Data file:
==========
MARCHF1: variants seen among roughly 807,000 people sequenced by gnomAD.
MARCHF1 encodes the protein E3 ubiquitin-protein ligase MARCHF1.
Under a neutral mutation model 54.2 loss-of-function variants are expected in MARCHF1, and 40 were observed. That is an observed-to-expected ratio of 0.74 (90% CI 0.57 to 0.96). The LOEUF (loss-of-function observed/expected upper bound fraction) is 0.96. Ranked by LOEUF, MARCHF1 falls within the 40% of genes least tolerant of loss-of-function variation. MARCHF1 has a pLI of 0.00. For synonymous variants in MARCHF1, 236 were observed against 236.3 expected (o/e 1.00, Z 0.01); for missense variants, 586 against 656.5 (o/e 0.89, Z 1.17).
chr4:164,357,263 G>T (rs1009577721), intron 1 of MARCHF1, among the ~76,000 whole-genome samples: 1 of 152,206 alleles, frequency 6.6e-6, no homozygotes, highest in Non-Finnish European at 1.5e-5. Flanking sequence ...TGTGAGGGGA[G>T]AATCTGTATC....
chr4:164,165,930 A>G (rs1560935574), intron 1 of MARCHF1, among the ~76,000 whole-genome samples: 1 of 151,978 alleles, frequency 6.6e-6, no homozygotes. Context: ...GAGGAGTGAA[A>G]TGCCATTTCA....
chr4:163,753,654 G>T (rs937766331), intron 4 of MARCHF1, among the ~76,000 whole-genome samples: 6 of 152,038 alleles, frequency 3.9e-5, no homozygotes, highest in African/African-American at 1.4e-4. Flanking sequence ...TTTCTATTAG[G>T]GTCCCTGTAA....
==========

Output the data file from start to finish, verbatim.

MARCHF1: variants seen among roughly 807,000 people sequenced by gnomAD.
MARCHF1 encodes the protein E3 ubiquitin-protein ligase MARCHF1.
Under a neutral mutation model 54.2 loss-of-function variants are expected in MARCHF1, and 40 were observed. That is an observed-to-expected ratio of 0.74 (90% CI 0.57 to 0.96). The LOEUF (loss-of-function observed/expected upper bound fraction) is 0.96. Ranked by LOEUF, MARCHF1 falls within the 40% of genes least tolerant of loss-of-function variation. MARCHF1 has a pLI of 0.00. For synonymous variants in MARCHF1, 236 were observed against 236.3 expected (o/e 1.00, Z 0.01); for missense variants, 586 against 656.5 (o/e 0.89, Z 1.17).
chr4:164,357,263 G>T (rs1009577721), intron 1 of MARCHF1, among the ~76,000 whole-genome samples: 1 of 152,206 alleles, frequency 6.6e-6, no homozygotes, highest in Non-Finnish European at 1.5e-5. Flanking sequence ...TGTGAGGGGA[G>T]AATCTGTATC....
chr4:164,165,930 A>G (rs1560935574), intron 1 of MARCHF1, among the ~76,000 whole-genome samples: 1 of 151,978 alleles, frequency 6.6e-6, no homozygotes. Context: ...GAGGAGTGAA[A>G]TGCCATTTCA....
chr4:163,753,654 G>T (rs937766331), intron 4 of MARCHF1, among the ~76,000 whole-genome samples: 6 of 152,038 alleles, frequency 3.9e-5, no homozygotes, highest in African/African-American at 1.4e-4. Flanking sequence ...TTTCTATTAG[G>T]GTCCCTGTAA....